Following a grim warning from the European Union (EU) of pulling Bangladesh out its trade benefits under Generalised System of Preferences (GSP), the government formed a working committee this week to help address the issues raised by the Sustainability Compact and the International Labour Organisation (ILO).
The committee will reportedly assess the progress so far made and fine-tune the remaining issues. It will also coordinate among the authorities to prepare the paper to be presented in the next Sustainability Compact and the ILO conference to be held on May 18 and mid-June next respectively.
A delegation of Members of European Parliaments (MEPs), in its recent visit to Bangladesh last month, pressed for the full implementation of Sustainability Compact and addressing the ILO concerns before the next meeting to sustain the duty-free facilities under the EU's EBA (Everything But Arms) regime.
The EU countries reportedly receive regularly reports of harassment, intimidation and repression of trade unions, as well as restrictions on trade union activities.
There is no denying that an atmosphere of tension is prevailing in the country's apparel sector following the EU warning of temporary withdrawal of GSP benefit if Bangladesh fails to address labour rights issues and comes up with a proper plan of action within a certain timeframe.
The EC warning letter said if the progress is not enough, its monitoring could eventually lead to the launching of a formal investigation which could result in temporary withdrawal of preferences. In the letter, the EC mentioned that it would be essential for Bangladesh to remain eligible for the EBA regime and they need to demonstrate that Bangladesh was taking concrete and lasting measures to ensure the respect of labour rights.
It may be mentioned here that Bangladesh-made products, including apparel, enjoy duty-free facility under the EU GSP. More than 60 per cent of the country's total exports are destined to markets of the member-states of the EU. The country is by far the largest EBA exporter to the EU, accounting for 65.7 per cent of EBA exports with a value of over 14.6 billion euro.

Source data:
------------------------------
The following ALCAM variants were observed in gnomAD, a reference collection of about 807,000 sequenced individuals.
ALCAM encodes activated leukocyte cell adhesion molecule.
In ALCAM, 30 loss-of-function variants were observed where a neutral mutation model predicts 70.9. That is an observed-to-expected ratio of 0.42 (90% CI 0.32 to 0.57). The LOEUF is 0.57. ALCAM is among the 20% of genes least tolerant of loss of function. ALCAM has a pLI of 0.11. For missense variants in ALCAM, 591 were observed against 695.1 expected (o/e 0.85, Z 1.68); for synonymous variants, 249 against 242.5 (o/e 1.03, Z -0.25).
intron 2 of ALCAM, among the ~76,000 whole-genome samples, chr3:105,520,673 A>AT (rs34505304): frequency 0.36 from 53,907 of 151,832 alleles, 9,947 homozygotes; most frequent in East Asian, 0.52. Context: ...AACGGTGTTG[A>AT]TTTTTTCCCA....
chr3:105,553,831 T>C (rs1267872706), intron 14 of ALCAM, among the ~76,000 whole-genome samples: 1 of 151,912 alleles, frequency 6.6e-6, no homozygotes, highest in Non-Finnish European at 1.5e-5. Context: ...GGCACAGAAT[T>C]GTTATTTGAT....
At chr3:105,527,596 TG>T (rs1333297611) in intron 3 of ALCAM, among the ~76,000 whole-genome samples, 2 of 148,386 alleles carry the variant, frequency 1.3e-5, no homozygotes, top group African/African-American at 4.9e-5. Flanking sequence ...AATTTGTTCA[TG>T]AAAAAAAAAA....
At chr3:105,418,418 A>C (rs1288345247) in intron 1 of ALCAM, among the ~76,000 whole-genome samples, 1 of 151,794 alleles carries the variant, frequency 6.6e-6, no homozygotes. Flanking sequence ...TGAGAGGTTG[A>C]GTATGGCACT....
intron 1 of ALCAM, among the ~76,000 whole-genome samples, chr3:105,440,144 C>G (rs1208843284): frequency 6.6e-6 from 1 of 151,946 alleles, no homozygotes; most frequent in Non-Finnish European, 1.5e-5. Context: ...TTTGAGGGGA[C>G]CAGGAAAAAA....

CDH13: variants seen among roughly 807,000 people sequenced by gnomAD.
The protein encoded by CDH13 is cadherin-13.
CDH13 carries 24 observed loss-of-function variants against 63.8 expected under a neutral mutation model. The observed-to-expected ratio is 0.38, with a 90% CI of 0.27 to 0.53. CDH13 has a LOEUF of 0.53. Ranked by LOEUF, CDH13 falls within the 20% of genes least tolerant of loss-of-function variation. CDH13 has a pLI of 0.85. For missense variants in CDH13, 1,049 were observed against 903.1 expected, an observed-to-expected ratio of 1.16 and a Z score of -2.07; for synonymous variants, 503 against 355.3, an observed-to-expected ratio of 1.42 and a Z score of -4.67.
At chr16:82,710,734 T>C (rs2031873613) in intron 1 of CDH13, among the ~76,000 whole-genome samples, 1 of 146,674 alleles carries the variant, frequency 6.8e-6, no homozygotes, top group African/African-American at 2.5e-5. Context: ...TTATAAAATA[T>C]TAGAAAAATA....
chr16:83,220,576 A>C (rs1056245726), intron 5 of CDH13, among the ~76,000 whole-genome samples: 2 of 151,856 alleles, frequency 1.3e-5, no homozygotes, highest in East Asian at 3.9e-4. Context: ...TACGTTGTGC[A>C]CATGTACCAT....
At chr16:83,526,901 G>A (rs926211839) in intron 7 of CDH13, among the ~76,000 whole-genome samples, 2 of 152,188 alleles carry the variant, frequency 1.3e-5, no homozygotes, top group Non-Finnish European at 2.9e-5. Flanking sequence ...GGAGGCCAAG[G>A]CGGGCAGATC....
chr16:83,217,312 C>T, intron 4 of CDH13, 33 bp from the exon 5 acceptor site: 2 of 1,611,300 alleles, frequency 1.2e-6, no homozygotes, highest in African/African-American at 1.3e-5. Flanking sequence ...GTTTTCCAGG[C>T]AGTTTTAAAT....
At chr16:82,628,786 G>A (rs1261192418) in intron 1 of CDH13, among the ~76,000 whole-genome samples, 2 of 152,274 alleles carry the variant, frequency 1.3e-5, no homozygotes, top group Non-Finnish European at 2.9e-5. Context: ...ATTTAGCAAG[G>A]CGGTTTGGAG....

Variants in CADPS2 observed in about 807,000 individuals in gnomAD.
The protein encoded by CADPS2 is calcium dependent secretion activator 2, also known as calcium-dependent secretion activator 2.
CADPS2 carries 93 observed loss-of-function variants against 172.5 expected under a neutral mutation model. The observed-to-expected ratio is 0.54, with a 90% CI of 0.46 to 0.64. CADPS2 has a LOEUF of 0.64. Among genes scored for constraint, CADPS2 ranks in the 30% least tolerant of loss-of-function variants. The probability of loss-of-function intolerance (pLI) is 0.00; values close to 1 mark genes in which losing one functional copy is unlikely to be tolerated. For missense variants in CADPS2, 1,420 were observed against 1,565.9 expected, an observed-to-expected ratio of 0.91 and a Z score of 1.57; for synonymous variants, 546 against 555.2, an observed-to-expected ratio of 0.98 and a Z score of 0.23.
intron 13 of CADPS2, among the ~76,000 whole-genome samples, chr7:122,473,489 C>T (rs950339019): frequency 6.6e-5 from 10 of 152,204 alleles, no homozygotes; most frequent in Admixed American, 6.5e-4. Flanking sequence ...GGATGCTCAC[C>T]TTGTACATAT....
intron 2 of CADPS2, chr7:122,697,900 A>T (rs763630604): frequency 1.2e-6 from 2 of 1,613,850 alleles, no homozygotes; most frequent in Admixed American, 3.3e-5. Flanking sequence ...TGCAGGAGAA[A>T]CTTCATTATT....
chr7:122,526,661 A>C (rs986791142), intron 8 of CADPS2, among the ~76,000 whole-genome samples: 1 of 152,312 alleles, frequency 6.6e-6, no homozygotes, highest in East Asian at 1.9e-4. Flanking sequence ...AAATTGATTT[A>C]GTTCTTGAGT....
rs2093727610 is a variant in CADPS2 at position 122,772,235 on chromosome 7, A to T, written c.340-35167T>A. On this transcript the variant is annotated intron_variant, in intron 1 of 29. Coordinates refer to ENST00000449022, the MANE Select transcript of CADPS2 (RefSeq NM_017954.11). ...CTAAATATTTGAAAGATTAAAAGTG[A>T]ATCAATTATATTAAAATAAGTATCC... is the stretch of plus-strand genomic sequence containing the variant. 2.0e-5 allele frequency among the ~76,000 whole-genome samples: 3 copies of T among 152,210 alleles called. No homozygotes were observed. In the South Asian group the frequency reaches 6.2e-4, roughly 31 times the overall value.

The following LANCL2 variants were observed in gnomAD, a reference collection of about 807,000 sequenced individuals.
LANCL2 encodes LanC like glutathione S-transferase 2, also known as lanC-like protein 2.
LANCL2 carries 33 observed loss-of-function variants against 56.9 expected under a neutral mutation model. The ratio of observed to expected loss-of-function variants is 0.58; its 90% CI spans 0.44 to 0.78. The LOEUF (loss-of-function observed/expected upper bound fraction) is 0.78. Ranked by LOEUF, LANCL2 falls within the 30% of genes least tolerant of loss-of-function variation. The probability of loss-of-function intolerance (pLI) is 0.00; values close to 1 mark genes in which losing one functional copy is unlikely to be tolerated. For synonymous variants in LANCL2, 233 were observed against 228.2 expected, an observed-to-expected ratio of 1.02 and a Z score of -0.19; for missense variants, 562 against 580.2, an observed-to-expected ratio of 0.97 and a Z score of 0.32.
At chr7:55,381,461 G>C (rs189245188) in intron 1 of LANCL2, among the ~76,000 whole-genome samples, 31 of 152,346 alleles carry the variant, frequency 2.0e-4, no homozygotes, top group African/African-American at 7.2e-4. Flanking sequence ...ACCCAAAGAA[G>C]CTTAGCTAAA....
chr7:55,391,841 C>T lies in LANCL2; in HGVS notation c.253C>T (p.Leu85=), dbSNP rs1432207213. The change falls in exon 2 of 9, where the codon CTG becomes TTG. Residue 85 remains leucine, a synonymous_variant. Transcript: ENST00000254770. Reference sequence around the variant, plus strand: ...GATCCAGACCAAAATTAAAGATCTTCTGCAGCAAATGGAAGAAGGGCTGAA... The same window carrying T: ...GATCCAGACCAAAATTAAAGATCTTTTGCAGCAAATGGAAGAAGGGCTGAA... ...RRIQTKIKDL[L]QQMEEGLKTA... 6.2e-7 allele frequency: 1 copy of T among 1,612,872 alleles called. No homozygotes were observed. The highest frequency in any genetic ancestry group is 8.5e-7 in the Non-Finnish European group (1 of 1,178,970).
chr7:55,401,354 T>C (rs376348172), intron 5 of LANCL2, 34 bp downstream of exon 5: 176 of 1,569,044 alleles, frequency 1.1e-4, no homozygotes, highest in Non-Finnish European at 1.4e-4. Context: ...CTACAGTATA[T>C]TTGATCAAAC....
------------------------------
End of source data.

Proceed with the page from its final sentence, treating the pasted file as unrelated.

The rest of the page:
The country's apparel makers have recently moved forward to address certain conditions of the ILO, related to workers' rights, in the wake of the recent EU warning. They have already discussed the issues among themselves and decided to do everything possible to avert any untoward move from the EU.
On the other hand, the government has taken steps to ensure the workers' trade union rights in the country's EPZs. However, it is assumed that full implementation of the labour law in the EPZs may take some more time. Besides, the government has also initiated the process of establishing a database to look into the trade union registration activities, especially the complaints made by the workers to this effect.
The industry insiders, however, said since the concerns expressed by the ILO and the EU are very much related to the factories operating in the EPZs, the apparel units outside the EPZs do not have much to do in this regard.
According to them, exports from the factories of the EPZs account for only 8.0 per cent of the total exports, so the industry does not want that the country's total exports get affected by the EPZ-related labour issues.
Analysts suggest that both the exporters and the government should take prudent steps for safeguarding the EU GSP facility. Suspension of the trade facility by the EU, they fear, might create an adverse impact on the country's overall trade and economy, including bank and insurance sectors.